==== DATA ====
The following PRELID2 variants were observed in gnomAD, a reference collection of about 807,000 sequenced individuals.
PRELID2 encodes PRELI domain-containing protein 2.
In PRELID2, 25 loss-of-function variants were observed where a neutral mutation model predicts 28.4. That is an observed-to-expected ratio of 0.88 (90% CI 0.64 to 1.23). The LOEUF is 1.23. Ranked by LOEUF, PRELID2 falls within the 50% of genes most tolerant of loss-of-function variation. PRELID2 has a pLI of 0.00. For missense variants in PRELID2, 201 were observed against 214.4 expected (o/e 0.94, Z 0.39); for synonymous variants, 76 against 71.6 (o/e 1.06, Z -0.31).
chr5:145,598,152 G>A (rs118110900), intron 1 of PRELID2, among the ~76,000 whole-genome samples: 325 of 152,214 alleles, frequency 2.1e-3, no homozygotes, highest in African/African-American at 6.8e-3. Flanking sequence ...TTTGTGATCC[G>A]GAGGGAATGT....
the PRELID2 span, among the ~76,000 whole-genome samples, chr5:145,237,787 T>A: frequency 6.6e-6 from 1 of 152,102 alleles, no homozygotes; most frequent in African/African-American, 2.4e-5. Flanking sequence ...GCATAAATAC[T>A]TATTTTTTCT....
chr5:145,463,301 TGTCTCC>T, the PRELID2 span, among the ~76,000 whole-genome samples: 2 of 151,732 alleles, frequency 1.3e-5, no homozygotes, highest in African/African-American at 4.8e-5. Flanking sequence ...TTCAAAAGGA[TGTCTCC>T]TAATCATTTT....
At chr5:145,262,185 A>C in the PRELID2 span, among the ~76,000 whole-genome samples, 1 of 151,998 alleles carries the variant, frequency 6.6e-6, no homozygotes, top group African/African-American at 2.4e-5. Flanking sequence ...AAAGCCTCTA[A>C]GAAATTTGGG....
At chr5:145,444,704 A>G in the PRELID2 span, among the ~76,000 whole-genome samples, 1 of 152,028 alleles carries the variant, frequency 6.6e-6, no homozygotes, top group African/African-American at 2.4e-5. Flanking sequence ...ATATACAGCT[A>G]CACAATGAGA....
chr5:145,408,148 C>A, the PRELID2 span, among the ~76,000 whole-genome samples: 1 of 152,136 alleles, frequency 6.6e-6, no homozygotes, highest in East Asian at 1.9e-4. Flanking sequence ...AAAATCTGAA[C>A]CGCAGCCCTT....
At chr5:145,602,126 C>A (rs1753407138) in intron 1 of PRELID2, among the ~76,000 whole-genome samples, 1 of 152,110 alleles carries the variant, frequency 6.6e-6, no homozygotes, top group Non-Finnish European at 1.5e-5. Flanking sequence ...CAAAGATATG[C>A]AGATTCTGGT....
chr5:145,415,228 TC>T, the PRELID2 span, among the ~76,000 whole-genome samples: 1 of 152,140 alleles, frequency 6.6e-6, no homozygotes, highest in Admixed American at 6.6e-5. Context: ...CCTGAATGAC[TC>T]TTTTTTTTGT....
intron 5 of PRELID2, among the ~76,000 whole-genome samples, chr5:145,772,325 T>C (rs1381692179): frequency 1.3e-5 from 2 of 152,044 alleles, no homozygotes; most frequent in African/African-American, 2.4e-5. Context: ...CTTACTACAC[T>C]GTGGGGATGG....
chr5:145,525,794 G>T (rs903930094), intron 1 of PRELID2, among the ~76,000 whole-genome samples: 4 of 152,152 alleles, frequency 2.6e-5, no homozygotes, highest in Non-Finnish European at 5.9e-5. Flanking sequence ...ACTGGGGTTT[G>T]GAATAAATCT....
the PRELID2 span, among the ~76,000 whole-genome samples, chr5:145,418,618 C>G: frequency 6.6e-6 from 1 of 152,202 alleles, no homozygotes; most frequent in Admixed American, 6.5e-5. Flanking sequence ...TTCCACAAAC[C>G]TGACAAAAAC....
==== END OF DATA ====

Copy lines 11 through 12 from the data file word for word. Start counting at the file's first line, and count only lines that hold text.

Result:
chr5:145,415,228 TC>T, the PRELID2 span, among the ~76,000 whole-genome samples: 1 of 152,140 alleles, frequency 6.6e-6, no homozygotes, highest in Admixed American at 6.6e-5. Context: ...CCTGAATGAC[TC>T]TTTTTTTTGT....
intron 5 of PRELID2, among the ~76,000 whole-genome samples, chr5:145,772,325 T>C (rs1381692179): frequency 1.3e-5 from 2 of 152,044 alleles, no homozygotes; most frequent in African/African-American, 2.4e-5. Context: ...CTTACTACAC[T>C]GTGGGGATGG....